It could be a friend, coach, manager, parent, sibling, or romantic partner, that appears larger than life, smooth, confident, and in control, but behind closed doors, they’re nothing as they seem. In fact, in their presence, you feel unheard or like your opinion doesn’t matter. As time goes on you suffer low self-esteem or anxiety-induced attacks as you feel more and more mentally, physically, emotionally, or spiritually exhausted. This is why it is important to know that narcissistic traits exist on a spectrum ranging from a few traits to a full-blown disorder. The truth is we all have some of these tendencies at times, but the further along the spectrum you go, the more traits a person has and the more problems you will encounter.

A man sitting on the couch exhausted from emotional abuse

Early warning signs can be hard to detect because narcissists can be charming and dotting, winning you over with gifts or adoration. It feels exhilarating to be the recipient of their affection but what you don’t realize is it’s not about you or even for you, their charm is designed to give them the acknowledgment and praise they crave. You are there to help them feel wonderful and their charisma is part of the show. It’s what Carly Simon sang about in You’re So Vain… describing the person who thinks everything or every song is about them!

By controlling another person, a narcissist feels powerful and avoids facing their own deep fears of rejection, shame, or powerlessness. A hallmark feature of narcissism is their lack of empathy–not being able to see your perspective or take your needs into account. They have no problem making demands or using people because they feel entitled. Their objective is to maintain control, whether overtly (I don’t want you spending time with your family), or covertly (I need you here, and if you go see your family I know you don’t love me). Narcissists want to be put on a pedestal and will use intimidation, mood swings, rage, or even violence, to ensure they’re number one. Meanwhile, the people close to them become increasingly hyper-attuned to anticipating their whims and wants, preoccupied with how to take care of their needs.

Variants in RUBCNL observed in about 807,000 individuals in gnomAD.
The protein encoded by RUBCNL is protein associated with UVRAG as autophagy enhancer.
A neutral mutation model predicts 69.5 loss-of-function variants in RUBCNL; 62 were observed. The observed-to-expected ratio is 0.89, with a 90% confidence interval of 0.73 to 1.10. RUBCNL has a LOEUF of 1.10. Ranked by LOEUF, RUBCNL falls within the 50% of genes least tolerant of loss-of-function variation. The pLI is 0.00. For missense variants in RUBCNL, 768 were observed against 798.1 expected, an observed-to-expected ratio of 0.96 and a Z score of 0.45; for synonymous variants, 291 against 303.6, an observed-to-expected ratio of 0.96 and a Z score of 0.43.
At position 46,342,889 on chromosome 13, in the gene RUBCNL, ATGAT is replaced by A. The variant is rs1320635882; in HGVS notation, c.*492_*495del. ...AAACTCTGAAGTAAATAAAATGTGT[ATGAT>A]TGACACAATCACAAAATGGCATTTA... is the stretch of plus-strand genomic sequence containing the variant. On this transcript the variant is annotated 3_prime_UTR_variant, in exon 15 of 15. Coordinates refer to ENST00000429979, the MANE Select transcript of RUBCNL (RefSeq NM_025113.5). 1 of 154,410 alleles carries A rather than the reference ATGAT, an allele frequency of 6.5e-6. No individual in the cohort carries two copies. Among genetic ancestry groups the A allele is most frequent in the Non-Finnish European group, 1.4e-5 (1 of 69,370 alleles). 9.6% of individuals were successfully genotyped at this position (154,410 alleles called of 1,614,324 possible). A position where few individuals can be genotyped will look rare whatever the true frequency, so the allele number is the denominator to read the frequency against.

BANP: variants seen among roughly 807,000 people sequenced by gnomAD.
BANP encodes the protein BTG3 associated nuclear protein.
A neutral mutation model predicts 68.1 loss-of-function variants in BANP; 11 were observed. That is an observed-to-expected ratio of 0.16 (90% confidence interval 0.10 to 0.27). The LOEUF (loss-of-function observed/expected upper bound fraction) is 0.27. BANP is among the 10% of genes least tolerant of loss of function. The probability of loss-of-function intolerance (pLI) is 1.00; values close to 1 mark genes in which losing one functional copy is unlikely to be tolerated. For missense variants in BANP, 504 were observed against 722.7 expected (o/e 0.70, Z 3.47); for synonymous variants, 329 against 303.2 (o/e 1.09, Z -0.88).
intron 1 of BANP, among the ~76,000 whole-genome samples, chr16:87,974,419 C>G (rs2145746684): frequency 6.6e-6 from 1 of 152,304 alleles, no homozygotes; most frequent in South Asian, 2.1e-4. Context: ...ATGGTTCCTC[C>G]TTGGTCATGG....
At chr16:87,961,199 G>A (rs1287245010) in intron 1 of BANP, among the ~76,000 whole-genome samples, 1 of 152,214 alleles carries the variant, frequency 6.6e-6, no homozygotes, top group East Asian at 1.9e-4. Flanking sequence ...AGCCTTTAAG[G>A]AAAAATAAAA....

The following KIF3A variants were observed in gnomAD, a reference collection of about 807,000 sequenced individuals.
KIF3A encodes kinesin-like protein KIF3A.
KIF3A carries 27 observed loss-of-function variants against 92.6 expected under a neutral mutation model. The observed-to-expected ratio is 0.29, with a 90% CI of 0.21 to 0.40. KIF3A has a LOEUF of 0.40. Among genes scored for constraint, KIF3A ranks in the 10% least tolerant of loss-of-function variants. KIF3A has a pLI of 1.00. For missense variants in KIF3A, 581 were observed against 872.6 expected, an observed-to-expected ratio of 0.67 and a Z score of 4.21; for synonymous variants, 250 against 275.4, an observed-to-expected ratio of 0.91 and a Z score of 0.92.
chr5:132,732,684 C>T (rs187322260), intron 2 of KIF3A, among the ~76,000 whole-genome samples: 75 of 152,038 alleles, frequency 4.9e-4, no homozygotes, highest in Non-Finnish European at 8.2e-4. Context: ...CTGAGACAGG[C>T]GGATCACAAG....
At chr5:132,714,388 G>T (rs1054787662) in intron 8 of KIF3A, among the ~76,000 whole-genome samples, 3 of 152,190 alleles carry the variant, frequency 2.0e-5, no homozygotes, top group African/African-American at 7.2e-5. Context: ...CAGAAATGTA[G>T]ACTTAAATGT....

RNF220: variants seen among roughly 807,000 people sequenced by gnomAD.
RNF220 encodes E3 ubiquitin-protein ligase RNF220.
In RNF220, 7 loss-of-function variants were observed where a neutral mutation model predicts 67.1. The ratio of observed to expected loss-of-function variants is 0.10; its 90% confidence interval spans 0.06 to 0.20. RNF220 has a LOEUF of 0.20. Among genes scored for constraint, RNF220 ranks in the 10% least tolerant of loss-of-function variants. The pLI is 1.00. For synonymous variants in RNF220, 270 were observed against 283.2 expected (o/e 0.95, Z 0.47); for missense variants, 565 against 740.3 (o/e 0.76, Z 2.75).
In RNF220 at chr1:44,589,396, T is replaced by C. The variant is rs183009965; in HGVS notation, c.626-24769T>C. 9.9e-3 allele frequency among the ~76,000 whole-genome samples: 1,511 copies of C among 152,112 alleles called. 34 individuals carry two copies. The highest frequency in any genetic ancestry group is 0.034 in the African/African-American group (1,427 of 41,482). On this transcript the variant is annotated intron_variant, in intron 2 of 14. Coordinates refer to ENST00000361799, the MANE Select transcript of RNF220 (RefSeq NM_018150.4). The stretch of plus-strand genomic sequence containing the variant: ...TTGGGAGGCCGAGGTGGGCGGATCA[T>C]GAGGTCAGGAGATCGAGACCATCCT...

In turn, the partner or close associate of a narcissist begins to repress their own needs, trying not to upset the narcissist or trigger a reaction. They may even start questioning their reasoning and feeling crazy, as the narcissist uses “gaslighting” to keep them disoriented. This technique includes denying behavior, lying about something they did, changing the narrative, and blaming.

Other narcissistic behaviors:

  • Cultivating mistrust so they become the only source of “truth.” 
  • Invading your digital privacy, even creating a fake profile to monitor you online. 
  • Verbal abuse
  • Giving you moments of understanding and validation only to bring you back into a cycle of isolation and control
  • Violating your boundaries
  • People-pleasing when it counts to look moralistic, good, or benevolent in the public eye

Are you wondering if you’re in a relationship with a narcissist? Here are some questions to help with your discernment. These are based on the book by Eleanor D. Payson, “The Wizard of Oz and other Narcissists.”

1. Do you feel as though you’re walking on eggshells, trying not to say or do the wrong thing?

2. Do you feel hurt or annoyed that you don’t get your turn, and if you do, the interest and quality of attention are significantly less than the kind of attention you give?

3. Do you sense a great degree of pride in this person or feel reluctant to share your opinions when you know they will differ from his/hers?

4. Do you often feel that the quality of your whole interaction will depend upon the kind of mood he/she is in?

5. Do you feel controlled by this person?

6. Are you afraid of upsetting him/her for fear of being cut off or retaliated against?

7. Do you have difficulty saying “No”?

8. Are you exhausted by the kind of energy drain or worry that this relationship causes you?

9. Have you begun to feel lonely in this relationship?

10. Do you often wonder where you stand in the relationship?

11. Are you in constant doubt about what’s real?

12. Are you reluctant to let go of this relationship due to a strong sense of protectiveness?

13. Are you staying in the relationship because of your investment of time and energy?

If you’re answering “yes” to more than a couple of the above, it’s imperative to seek the assistance of a therapist who understands the narcissistic personality and can help you identify the toxic patterns. Therapy will empower you to establish healthy boundaries and rebuild your self-worth. Healing is possible but it starts with taking an honest look at how you got into your relationship in the first place by exploring your past. Through support you’ll be able to experience your own feelings and needs again, find safety, and create a sense of well-being. 


Allen, N. (2021, September 25). This is what narcissistic abuse looks like – and why it’s so harmful. mindbodygreen. Retrieved October 22, 2022, from 

Payson, E. D. (2009). The wizard of oz and other narcissists: Coping with the one-way relationship in work, love, and family. Julian Day Publications. 

Streep, P. (2018, November 8). 6 ways a narcissist can hide in plain sight. Psychology Today. Retrieved October 22, 2022, from